Right off the bat, my downstairs neighbor said one of the helpers in our complex who was working for a local family would be looking to move after her contract expired in a few months. The only problem: the helper didn’t have a day off, wasn’t allowed to have a phone, and couldn’t access her passport. Can you believe she was interested in changing employers?
I tried on a few occasions to talk to the helper – usually while I was out walking the dog early in the morning and she was hanging laundry – but she was so terrified of getting in trouble that we could never talk for long. I told her she could knock on our door anytime to come for a chat, and gave her my number if she wanted to text me, but after about six weeks of clandestinely trying to track her down the whole thing felt kind of ridiculous. Although it would have been great to easily hire her to transfer and live within the same complex, she ultimately decided that she wanted to go home to Indonesia when her contract was up, and I certainly can’t fault her for that.
In the meantime, I interviewed a few friends of helpers in our complex, as well as a helper who lived next door to a friend elsewhere on the island. Another friend mentioned to me that the niece of his helper (who worked for his family when he was growing up in Singapore about 20 years ago, and with whom he’s still in touch) was in Manila but looking for a position. She’d previously worked for a local family in Singapore but went back after her contract was up.
I started texting with this woman, and interviewed her over the phone. Of all the people I interviewed, she was the most prompt and forthcoming (a couple others flaked on me when we were supposed to meet up) and, unbeknownst to her, totally got my attention when she said she loved to cook and watch Food Network shows in her spare time. I also met her aunt, who is so sweet and lovely, and liked that she would have family here to help offset homesickness. Finally, I got a good reference from her previous employer (as any red flags would have of course given us pause).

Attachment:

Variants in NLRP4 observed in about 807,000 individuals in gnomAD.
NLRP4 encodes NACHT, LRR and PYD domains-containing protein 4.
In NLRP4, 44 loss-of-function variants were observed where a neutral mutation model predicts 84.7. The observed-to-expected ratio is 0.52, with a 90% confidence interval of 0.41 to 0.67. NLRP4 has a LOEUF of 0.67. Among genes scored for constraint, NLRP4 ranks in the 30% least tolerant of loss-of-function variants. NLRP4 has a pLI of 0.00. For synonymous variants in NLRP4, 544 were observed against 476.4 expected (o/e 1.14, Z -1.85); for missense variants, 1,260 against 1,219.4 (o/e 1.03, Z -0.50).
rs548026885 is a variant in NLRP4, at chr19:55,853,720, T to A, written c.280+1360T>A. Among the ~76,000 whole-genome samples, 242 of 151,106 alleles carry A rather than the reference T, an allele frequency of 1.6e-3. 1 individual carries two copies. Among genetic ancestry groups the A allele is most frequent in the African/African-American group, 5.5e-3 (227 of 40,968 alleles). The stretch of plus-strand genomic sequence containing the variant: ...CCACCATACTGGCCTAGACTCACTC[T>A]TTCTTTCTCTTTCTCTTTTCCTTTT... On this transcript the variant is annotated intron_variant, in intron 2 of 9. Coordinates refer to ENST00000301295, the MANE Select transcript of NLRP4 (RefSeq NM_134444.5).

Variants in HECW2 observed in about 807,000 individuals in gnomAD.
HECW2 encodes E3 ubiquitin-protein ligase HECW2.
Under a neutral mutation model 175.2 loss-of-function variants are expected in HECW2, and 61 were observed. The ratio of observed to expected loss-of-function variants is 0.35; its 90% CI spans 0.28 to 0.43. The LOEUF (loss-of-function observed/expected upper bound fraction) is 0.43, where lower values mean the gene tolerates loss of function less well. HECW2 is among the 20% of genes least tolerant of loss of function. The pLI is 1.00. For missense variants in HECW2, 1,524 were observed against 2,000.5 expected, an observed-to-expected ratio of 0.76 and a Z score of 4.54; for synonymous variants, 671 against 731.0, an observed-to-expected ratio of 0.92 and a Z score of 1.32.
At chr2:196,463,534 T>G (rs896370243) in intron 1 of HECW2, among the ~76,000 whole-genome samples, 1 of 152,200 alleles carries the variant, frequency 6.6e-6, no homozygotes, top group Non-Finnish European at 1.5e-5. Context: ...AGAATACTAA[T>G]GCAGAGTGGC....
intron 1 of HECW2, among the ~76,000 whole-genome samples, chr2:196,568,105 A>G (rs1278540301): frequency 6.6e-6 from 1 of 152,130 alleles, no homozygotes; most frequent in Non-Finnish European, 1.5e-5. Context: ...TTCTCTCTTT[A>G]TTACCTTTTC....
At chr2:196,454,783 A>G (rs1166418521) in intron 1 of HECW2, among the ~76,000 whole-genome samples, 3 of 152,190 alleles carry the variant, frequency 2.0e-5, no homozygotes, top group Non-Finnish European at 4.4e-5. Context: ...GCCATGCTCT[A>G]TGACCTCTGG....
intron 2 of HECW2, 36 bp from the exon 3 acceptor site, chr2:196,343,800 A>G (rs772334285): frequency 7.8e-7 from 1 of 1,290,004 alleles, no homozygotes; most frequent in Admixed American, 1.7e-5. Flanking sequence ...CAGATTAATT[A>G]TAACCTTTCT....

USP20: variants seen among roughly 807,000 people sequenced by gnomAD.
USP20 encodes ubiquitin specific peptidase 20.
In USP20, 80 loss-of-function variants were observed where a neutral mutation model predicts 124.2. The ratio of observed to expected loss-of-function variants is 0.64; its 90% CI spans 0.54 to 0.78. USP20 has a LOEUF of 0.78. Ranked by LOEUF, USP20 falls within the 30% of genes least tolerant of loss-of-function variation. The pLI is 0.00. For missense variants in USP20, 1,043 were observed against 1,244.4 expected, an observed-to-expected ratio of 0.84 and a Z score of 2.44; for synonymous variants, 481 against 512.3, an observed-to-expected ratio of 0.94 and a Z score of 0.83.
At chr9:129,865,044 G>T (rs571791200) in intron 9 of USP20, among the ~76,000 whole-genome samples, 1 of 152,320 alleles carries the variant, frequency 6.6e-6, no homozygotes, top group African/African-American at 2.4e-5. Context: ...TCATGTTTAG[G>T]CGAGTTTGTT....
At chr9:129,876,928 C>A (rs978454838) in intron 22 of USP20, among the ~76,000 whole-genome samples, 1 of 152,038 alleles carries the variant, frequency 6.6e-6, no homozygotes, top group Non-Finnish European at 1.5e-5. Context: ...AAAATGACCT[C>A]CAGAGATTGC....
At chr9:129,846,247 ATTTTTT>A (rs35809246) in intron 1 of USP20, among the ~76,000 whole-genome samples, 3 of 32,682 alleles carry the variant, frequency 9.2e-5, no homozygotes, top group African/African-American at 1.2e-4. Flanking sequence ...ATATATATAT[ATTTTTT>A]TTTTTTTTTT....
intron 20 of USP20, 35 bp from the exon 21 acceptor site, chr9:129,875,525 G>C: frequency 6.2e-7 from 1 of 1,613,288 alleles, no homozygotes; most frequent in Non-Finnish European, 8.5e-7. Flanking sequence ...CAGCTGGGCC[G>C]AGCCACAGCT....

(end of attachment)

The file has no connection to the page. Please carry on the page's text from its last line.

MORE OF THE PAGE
Ultimately, the hubs and I decided to hire LL (I’m not going to share her full name), even though it added a bit of work and extra cost on our end to coordinate the immigration/work permit stuff in comparison to hiring a transfer helper already in Singapore. What shocked me most was all the stuff I was told by various employment agencies (it’s nearly impossible to coordinate the immigration stuff yourself); from what I can gather there just seems to be corruption and extra cost at every juncture, from the handlers in the helpers’ native country to here in Singapore (where we have to pay a monthly $265 “levy”). And the helpers see none of this extra cost. One agency told me we could avoid hefty charges in Singapore by having LL enter the country on a tourist visa (essentially she would have to lie to the immigration officials who apparently conduct sweeps of Singapore-bound flights in Manila). Another told me they had a priest in Cebu who could bring women into Singapore as “religious workers.”